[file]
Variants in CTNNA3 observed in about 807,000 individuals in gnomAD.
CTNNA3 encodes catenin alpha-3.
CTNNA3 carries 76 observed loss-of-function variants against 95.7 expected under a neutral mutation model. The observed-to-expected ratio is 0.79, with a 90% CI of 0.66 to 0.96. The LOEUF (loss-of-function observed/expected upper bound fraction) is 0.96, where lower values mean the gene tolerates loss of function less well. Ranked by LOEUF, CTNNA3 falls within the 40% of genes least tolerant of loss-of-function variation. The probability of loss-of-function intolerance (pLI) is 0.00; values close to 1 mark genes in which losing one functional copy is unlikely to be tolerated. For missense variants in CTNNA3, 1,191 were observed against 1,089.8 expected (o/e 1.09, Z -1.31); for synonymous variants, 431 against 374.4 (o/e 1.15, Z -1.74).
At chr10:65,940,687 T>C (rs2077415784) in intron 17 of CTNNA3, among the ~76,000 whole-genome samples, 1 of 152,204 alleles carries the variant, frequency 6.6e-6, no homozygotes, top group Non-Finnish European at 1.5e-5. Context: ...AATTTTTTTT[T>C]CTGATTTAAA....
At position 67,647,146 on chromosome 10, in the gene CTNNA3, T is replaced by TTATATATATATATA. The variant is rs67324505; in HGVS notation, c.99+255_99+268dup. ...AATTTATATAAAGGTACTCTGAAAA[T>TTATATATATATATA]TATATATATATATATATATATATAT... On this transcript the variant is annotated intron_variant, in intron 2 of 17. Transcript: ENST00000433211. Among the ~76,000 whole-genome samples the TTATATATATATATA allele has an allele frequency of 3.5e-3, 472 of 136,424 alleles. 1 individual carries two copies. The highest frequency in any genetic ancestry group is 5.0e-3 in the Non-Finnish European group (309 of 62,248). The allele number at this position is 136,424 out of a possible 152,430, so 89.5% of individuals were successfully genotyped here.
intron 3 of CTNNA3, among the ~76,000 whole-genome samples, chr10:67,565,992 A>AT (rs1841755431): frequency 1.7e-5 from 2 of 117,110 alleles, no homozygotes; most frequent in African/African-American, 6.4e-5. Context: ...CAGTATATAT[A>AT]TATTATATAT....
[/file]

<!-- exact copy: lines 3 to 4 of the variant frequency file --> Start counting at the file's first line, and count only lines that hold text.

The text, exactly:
CTNNA3 carries 76 observed loss-of-function variants against 95.7 expected under a neutral mutation model. The observed-to-expected ratio is 0.79, with a 90% CI of 0.66 to 0.96. The LOEUF (loss-of-function observed/expected upper bound fraction) is 0.96, where lower values mean the gene tolerates loss of function less well. Ranked by LOEUF, CTNNA3 falls within the 40% of genes least tolerant of loss-of-function variation. The probability of loss-of-function intolerance (pLI) is 0.00; values close to 1 mark genes in which losing one functional copy is unlikely to be tolerated. For missense variants in CTNNA3, 1,191 were observed against 1,089.8 expected (o/e 1.09, Z -1.31); for synonymous variants, 431 against 374.4 (o/e 1.15, Z -1.74).
At chr10:65,940,687 T>C (rs2077415784) in intron 17 of CTNNA3, among the ~76,000 whole-genome samples, 1 of 152,204 alleles carries the variant, frequency 6.6e-6, no homozygotes, top group Non-Finnish European at 1.5e-5. Context: ...AATTTTTTTT[T>C]CTGATTTAAA....